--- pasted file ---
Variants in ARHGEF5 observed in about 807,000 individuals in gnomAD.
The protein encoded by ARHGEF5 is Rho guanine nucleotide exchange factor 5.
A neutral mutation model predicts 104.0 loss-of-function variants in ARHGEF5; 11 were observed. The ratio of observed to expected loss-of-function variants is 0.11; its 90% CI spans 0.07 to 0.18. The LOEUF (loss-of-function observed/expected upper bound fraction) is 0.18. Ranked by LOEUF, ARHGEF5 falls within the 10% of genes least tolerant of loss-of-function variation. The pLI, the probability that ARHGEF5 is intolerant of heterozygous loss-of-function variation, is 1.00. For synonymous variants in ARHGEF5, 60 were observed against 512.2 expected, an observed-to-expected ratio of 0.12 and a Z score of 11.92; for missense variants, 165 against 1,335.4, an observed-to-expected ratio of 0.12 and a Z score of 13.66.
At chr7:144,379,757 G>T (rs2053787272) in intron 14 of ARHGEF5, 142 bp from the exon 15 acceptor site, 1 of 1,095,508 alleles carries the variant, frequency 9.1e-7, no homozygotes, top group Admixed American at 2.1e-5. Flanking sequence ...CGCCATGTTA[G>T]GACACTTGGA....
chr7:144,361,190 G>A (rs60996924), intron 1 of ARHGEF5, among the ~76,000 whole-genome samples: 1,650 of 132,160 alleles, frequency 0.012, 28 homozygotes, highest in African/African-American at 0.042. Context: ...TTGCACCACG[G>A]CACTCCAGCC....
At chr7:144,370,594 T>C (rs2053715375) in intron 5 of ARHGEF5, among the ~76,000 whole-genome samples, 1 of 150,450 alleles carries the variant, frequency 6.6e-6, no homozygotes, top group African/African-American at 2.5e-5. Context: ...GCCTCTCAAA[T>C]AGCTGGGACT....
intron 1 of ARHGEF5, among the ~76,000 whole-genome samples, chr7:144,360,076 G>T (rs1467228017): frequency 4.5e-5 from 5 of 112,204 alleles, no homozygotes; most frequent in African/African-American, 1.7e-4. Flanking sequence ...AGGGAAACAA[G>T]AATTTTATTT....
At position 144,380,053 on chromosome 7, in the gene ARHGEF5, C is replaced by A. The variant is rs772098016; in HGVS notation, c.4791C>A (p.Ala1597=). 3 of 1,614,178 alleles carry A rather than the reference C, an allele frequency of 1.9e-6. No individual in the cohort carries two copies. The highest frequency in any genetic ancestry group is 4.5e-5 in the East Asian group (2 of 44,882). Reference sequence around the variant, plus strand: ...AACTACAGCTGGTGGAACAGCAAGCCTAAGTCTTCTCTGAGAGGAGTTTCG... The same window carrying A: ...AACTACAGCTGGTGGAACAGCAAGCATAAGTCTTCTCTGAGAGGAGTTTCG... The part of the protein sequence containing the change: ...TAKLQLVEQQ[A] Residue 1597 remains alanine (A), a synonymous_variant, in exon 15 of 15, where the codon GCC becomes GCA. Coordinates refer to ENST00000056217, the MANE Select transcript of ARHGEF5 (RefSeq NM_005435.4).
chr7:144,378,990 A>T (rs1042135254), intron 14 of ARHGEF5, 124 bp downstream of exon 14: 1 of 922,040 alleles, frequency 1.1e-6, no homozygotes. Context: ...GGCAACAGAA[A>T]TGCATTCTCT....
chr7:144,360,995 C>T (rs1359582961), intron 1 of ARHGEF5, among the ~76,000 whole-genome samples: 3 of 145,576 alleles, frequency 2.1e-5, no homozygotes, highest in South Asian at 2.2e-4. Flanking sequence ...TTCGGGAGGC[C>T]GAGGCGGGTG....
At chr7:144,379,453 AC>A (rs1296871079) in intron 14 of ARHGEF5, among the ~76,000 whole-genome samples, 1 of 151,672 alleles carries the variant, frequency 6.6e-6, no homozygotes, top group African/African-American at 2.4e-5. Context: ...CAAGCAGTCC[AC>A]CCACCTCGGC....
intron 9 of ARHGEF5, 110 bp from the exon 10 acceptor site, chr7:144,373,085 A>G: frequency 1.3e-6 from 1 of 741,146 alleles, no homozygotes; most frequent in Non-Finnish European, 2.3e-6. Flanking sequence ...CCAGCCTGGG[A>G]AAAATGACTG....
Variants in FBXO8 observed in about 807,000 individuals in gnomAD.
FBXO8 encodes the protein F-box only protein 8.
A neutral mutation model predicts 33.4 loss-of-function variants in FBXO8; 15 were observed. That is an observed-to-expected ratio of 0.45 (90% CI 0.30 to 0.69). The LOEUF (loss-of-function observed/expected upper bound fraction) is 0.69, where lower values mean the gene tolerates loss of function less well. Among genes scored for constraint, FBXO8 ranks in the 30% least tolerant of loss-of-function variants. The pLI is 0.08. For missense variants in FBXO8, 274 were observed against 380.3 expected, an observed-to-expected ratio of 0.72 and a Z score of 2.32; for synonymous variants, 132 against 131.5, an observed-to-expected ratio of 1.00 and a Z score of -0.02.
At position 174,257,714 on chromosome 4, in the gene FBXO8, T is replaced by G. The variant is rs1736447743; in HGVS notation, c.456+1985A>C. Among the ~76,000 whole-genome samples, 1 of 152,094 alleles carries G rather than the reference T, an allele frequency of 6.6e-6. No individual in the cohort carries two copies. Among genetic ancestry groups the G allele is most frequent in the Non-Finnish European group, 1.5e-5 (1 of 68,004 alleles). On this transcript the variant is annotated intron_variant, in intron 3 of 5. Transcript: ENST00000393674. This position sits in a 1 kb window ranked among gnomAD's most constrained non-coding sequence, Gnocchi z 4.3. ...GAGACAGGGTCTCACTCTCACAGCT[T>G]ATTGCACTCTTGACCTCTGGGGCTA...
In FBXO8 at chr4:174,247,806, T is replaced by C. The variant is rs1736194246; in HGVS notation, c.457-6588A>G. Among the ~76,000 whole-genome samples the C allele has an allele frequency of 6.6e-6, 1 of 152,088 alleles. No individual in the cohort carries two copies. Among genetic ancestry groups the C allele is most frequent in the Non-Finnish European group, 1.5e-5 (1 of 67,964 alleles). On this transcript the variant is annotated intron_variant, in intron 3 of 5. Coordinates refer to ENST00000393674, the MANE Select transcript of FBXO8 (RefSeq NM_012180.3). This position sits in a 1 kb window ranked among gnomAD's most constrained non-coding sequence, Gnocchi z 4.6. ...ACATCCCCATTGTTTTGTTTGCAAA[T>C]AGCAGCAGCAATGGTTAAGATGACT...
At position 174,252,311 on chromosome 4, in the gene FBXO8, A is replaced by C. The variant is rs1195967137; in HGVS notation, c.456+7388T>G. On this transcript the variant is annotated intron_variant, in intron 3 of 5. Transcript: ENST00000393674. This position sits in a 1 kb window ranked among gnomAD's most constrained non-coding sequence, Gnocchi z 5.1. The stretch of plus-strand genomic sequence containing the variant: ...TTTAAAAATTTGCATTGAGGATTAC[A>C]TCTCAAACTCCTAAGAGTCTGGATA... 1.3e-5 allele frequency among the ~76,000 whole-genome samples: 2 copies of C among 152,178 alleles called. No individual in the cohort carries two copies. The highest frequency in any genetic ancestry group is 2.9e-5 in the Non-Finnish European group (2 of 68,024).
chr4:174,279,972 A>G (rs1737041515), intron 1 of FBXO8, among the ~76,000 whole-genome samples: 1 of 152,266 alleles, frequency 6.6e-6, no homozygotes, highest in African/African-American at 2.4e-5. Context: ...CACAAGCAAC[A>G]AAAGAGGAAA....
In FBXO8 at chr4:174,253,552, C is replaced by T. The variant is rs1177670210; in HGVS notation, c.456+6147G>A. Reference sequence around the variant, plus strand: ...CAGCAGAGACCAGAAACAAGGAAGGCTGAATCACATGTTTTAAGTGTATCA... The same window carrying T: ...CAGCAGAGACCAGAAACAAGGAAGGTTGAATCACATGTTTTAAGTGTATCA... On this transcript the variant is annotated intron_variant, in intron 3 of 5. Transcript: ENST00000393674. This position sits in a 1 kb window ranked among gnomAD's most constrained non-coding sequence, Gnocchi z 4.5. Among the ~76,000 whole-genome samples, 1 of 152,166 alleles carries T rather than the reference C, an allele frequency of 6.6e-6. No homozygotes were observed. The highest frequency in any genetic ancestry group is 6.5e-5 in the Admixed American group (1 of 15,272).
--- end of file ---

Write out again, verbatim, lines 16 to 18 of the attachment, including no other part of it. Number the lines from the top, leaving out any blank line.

At position 174,257,714 on chromosome 4, in the gene FBXO8, T is replaced by G. The variant is rs1736447743; in HGVS notation, c.456+1985A>C. Among the ~76,000 whole-genome samples, 1 of 152,094 alleles carries G rather than the reference T, an allele frequency of 6.6e-6. No individual in the cohort carries two copies. Among genetic ancestry groups the G allele is most frequent in the Non-Finnish European group, 1.5e-5 (1 of 68,004 alleles). On this transcript the variant is annotated intron_variant, in intron 3 of 5. Transcript: ENST00000393674. This position sits in a 1 kb window ranked among gnomAD's most constrained non-coding sequence, Gnocchi z 4.3. ...GAGACAGGGTCTCACTCTCACAGCT[T>G]ATTGCACTCTTGACCTCTGGGGCTA...
In FBXO8 at chr4:174,247,806, T is replaced by C. The variant is rs1736194246; in HGVS notation, c.457-6588A>G. Among the ~76,000 whole-genome samples the C allele has an allele frequency of 6.6e-6, 1 of 152,088 alleles. No individual in the cohort carries two copies. Among genetic ancestry groups the C allele is most frequent in the Non-Finnish European group, 1.5e-5 (1 of 67,964 alleles). On this transcript the variant is annotated intron_variant, in intron 3 of 5. Coordinates refer to ENST00000393674, the MANE Select transcript of FBXO8 (RefSeq NM_012180.3). This position sits in a 1 kb window ranked among gnomAD's most constrained non-coding sequence, Gnocchi z 4.6. ...ACATCCCCATTGTTTTGTTTGCAAA[T>C]AGCAGCAGCAATGGTTAAGATGACT...
At position 174,252,311 on chromosome 4, in the gene FBXO8, A is replaced by C. The variant is rs1195967137; in HGVS notation, c.456+7388T>G. On this transcript the variant is annotated intron_variant, in intron 3 of 5. Transcript: ENST00000393674. This position sits in a 1 kb window ranked among gnomAD's most constrained non-coding sequence, Gnocchi z 5.1. The stretch of plus-strand genomic sequence containing the variant: ...TTTAAAAATTTGCATTGAGGATTAC[A>C]TCTCAAACTCCTAAGAGTCTGGATA... 1.3e-5 allele frequency among the ~76,000 whole-genome samples: 2 copies of C among 152,178 alleles called. No individual in the cohort carries two copies. The highest frequency in any genetic ancestry group is 2.9e-5 in the Non-Finnish European group (2 of 68,024).